In the spring of 1846 Captain John C. Fremont and Kit Carson were on another of their famous mapping expeditions in the Far West with a 60-man geological survey to find the headwaters of the Arkansas River. Instead, they were in California’s Sacramento Valley where Fremont was stirring up the American settlers to revolt against Mexican authority.  He was ordered to leave by Mexican authorities, He left, bidding his time in the Sierra Nevada to await word of the pending war.

On June 14th, a small band of frontiersmen led by Ezekiel “Stuttering Zeke” Merritt and William Ide captured the town of Sonoma, just north of San Francisco and arrested the commander, Mariano Vallejo. They declared the creation of the California Republic. Sporting a battle flag with a picture of a grizzly bear on it, the rebels began calling themselves Bear Flaggers.

Few of the Americans at the time had bothered acquire legal land grants from the Mexican government and as rumors of war between the U.S. and Mexico spread, they might be expelled or even be attacked by the Californio forces. But the Bear Flag Republic was short lived.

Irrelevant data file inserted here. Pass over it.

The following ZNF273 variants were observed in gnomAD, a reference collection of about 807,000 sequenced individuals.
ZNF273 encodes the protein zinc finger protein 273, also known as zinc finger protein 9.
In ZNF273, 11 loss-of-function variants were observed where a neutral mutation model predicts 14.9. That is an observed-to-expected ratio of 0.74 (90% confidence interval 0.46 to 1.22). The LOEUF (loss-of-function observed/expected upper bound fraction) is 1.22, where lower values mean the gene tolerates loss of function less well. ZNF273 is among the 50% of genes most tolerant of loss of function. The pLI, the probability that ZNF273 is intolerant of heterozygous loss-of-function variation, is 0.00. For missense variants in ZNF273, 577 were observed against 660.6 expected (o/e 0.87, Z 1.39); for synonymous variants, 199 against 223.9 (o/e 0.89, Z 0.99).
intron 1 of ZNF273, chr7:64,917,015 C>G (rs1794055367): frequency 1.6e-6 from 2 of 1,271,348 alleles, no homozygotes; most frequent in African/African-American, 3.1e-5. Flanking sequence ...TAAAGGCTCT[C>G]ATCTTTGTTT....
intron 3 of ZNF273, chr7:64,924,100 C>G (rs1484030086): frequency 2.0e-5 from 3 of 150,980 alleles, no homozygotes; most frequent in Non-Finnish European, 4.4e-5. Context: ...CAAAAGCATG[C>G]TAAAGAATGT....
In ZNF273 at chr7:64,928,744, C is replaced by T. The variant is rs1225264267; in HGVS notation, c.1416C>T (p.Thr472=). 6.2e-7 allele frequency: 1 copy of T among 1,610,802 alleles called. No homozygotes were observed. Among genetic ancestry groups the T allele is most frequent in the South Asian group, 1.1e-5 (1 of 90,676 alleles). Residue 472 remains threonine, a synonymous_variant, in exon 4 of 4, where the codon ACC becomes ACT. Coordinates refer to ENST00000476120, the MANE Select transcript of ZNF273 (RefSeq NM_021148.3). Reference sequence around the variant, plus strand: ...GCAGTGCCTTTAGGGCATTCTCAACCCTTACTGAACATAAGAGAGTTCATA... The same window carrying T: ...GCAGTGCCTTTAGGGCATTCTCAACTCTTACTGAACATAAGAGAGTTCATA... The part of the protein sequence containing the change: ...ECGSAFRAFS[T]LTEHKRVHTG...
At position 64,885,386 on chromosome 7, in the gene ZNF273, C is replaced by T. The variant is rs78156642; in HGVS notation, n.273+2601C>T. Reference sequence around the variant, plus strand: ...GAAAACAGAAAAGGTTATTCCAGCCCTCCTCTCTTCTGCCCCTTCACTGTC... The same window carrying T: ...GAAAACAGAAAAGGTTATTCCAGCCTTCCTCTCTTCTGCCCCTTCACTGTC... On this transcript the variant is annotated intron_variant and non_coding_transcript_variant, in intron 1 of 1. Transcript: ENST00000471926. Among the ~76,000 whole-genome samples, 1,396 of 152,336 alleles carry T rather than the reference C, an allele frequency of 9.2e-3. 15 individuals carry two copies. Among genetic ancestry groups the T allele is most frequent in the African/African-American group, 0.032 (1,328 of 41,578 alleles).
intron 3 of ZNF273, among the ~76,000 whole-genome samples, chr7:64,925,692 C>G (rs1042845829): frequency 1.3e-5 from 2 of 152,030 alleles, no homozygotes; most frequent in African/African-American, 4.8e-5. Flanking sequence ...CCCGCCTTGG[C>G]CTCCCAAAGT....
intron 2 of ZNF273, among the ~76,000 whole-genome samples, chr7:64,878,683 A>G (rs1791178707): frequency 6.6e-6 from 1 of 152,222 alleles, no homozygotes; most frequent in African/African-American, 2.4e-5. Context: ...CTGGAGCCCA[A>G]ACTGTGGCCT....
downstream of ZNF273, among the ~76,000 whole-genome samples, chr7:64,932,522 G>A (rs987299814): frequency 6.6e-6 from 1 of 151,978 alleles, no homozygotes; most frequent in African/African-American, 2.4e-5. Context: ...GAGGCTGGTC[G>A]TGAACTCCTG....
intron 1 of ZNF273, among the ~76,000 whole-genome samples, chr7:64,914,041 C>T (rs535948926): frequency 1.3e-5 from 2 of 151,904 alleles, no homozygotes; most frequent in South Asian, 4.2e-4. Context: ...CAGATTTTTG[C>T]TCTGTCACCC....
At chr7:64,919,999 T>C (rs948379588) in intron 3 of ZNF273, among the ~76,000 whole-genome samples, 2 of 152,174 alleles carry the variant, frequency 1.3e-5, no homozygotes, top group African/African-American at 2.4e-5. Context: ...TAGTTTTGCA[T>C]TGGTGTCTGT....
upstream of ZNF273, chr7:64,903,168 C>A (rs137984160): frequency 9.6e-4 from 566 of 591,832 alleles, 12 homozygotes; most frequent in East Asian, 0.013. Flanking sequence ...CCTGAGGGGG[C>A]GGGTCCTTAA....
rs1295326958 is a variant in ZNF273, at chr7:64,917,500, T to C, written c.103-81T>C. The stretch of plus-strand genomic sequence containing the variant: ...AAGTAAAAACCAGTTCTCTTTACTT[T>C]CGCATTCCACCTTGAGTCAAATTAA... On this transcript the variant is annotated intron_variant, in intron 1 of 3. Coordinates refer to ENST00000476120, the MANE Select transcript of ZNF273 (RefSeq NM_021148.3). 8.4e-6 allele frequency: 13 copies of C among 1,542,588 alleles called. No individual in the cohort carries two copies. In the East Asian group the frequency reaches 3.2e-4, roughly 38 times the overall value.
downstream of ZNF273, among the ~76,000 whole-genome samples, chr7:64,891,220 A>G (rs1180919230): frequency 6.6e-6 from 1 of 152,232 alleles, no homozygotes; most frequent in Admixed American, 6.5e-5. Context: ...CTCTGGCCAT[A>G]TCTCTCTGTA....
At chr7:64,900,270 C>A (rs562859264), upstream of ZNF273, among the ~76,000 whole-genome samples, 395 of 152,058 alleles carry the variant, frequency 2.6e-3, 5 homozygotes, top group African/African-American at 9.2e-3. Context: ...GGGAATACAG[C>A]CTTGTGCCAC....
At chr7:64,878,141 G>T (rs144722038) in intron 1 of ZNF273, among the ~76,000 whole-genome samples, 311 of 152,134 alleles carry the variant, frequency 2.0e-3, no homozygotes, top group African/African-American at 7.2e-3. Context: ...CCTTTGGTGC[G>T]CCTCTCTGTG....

Fremont and his band came down from the mountains and on July 2nd, captured San Francisco.  Five days later, naval forces under Commodore John Sloat took Monterey.

When word arrived that a state of war existed between the United States and Mexico, Fremont took control of the uprising and assumed command of the rebel forces. By July 9th the American forces occupied San Francisco and the bear flag was lowered and replaced by the American. The bear flag was gone but not forgotten. In 1911 it became the California State Flag.


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